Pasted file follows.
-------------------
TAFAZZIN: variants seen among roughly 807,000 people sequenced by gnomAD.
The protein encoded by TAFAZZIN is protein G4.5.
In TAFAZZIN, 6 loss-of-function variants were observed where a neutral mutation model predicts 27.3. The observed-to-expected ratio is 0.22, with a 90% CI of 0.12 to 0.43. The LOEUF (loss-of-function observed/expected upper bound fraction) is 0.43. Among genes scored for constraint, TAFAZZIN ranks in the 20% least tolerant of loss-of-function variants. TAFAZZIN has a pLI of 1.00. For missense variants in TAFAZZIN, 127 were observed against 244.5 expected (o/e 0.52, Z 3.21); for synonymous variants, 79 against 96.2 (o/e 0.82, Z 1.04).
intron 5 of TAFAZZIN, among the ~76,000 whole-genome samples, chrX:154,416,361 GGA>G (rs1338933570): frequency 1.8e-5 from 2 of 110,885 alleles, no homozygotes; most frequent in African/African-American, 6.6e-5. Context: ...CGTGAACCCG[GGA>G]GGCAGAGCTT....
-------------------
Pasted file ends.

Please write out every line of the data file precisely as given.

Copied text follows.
TAFAZZIN: variants seen among roughly 807,000 people sequenced by gnomAD.
The protein encoded by TAFAZZIN is protein G4.5.
In TAFAZZIN, 6 loss-of-function variants were observed where a neutral mutation model predicts 27.3. The observed-to-expected ratio is 0.22, with a 90% CI of 0.12 to 0.43. The LOEUF (loss-of-function observed/expected upper bound fraction) is 0.43. Among genes scored for constraint, TAFAZZIN ranks in the 20% least tolerant of loss-of-function variants. TAFAZZIN has a pLI of 1.00. For missense variants in TAFAZZIN, 127 were observed against 244.5 expected (o/e 0.52, Z 3.21); for synonymous variants, 79 against 96.2 (o/e 0.82, Z 1.04).
intron 5 of TAFAZZIN, among the ~76,000 whole-genome samples, chrX:154,416,361 GGA>G (rs1338933570): frequency 1.8e-5 from 2 of 110,885 alleles, no homozygotes; most frequent in African/African-American, 6.6e-5. Context: ...CGTGAACCCG[GGA>G]GGCAGAGCTT....